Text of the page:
Love - and The Real Me
Fiona's two stories that she has written are below. These can be purchased in full from http://www.cutalongstory.com/authors/f.-linday/1251.html
This first story called 'Love' recalls my experience of miscarriage, many years ago. In 2010, it won the Unique Publication's Short Story Award. In 2013, it was included in an American anthology of praise and redemption called, Spiritual Awakenings, edited by Sara Saint John. This non-fiction prose tells of family love and the heartache around miscarriage. The tale is hopeful and honest. Family humour has to click in as does the acceptance of support on many levels. A tale of faith.
'It was my fault: that was my first dreadful conclusion on hearing the agonising news. Our little family had been happy until this onset of the bad old days. Only, after those few foul words spewed out of a consultant’s mouth, things changed forever. We were a young couple who thought we could have it all. We were very naïve.
--- Why? flashed through my head. Maybe I’d not rested. Was it something I’d done?
We’d breezed into the outpatient’s clinic without a care in the world. But during the routine consultation my hubby went quiet. We just stared at each other in total disbelief. Eventually, I fell into his arms. He gave me this hug and said, "We’ll be okay."
Whilst holding back huge sobs, I just leant on him. For Maggie, nestled between us, there simply had to be this façade of coping. On coming back into our cubicle, after acknowledging our beautiful little girl, the doc smiled and said, "Take a while to get over it, Mr. and Mrs. Clegg, say six months and then try again. At least you know you can do it!
But then he labelled our poor, dead baby something horrible and booked me in to stop the night, to vacuum it away. Like, I was supposed to imagine nothing really happened and be treated the same as mums who didn't want their babies, mums in for terminations. No wonder it did my head in. It was cruel being on the same ward with mums having abortions who had a choice.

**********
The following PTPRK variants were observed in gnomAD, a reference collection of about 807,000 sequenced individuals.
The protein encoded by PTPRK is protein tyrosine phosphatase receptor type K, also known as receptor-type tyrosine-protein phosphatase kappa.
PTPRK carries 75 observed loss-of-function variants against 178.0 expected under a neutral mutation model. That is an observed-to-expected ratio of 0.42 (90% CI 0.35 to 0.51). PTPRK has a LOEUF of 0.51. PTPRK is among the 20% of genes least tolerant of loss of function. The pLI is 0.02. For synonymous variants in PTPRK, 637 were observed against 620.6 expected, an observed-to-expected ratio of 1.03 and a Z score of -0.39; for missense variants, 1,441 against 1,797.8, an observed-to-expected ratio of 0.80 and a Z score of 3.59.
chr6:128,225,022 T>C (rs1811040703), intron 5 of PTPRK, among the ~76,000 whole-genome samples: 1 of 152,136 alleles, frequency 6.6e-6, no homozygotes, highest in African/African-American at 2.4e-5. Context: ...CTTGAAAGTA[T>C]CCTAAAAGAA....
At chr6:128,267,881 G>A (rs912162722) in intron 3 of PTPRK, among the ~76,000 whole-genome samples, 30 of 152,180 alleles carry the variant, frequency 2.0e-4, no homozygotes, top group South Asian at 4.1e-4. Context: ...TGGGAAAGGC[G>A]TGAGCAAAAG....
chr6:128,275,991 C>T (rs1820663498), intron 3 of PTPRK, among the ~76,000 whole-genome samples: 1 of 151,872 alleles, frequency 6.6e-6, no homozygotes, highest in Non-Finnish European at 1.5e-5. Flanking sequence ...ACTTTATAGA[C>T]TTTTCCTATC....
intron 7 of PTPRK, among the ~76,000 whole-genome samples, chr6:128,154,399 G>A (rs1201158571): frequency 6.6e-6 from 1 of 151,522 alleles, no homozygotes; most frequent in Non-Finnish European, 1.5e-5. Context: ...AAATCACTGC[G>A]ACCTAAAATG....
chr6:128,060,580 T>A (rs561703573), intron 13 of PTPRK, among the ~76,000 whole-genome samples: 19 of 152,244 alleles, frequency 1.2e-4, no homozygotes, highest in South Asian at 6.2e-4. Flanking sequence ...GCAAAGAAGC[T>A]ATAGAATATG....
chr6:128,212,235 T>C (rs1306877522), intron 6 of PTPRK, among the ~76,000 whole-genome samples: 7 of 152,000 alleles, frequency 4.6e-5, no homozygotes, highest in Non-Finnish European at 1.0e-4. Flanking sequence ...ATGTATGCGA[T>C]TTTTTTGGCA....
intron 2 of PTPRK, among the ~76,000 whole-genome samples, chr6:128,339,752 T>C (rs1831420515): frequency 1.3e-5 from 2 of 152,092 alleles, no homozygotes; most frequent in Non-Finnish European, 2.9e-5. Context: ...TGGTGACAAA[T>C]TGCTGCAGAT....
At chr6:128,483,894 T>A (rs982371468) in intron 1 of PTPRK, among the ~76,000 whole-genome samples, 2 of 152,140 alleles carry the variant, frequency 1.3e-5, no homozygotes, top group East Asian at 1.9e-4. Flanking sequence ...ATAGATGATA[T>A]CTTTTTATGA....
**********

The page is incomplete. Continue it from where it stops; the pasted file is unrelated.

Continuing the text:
My dad came to my bedside. It helped a bit. He just cried with me. He, at least, admitted it was sad. That something wrong had happened and it was okay to be disappointed.'
The Real Me
The next story about a student with mental health family issues. This is called, 'The Real Me' is included in a Leicester writer's anthology. It came from a response to a call-out about 'the thin veil between this life and the next'. The setting is real, it's where I work an inclusive arts centre attached to the Leic Uni, called Embrace Arts.
'My mum wasn't always a comedian. Lately though, her nerves are rubbish. Whilst I can’t catch her upsetting ways, the idea of my losing the plot consumes me. My dad’s last piece of advice was, ‘Live each day to the full because life’s not a rehearsal.’ Since then I pack in the fun. But she misses him, and it triggers her profanity, making things impossible. Such sad history cramps my style and I need to take care of what I wish for. Somehow, I’ll work out how to honour his wishes.
--- Until, ‘on stage’ at the surgery, she embarrasses me with, ‘P*** off!’ Now that’s cringe worthy.
Come back, Dad. All is forgiven.
--- She never swore when he was alive. If only my father hadn't got the dreaded ‘Big C’ before even retiring then I wouldn't have to be on duty. To be honest, none of this is in my mum’s plan, bless her. At nineteen, this attention-seeking behaviour isn't exactly my idea of fun either.
--- Wow, Mum, where did that come from?’ I ask her when the dispenser enquires if she’s been on medication before.
--- My brother and I have not long left home to study. We are in our first year at Uni. Our parents were supposed to be getting their space back.
Mum nods. ‘Oh, yeah! That Valium was good stuff, getting me through my bad patch.’
She’s winding me up. Then she makes an outrageous claim towards an innocent bystander and I want to be swallowed up.
--- I splutter, ‘I'm so sorry. She doesn’t really mean it,’ leaving our neighbour wounded. Meanwhile, her chaos counter is rocketing.
--- Note to self: Marry early to avoid my kids going through this trouble.
Supermarket trips are swapped for home deliveries due to her outbursts. Even church
friends who regularly took her out now make excuses. Apart from attending health appointments, she’s limited to our home where I have temporarily moved back.'
You can also read a novel by Fiona on teenage loss called 'Get Over It?' - which is available from www.onwardsandupwards.org/product/get-over-it.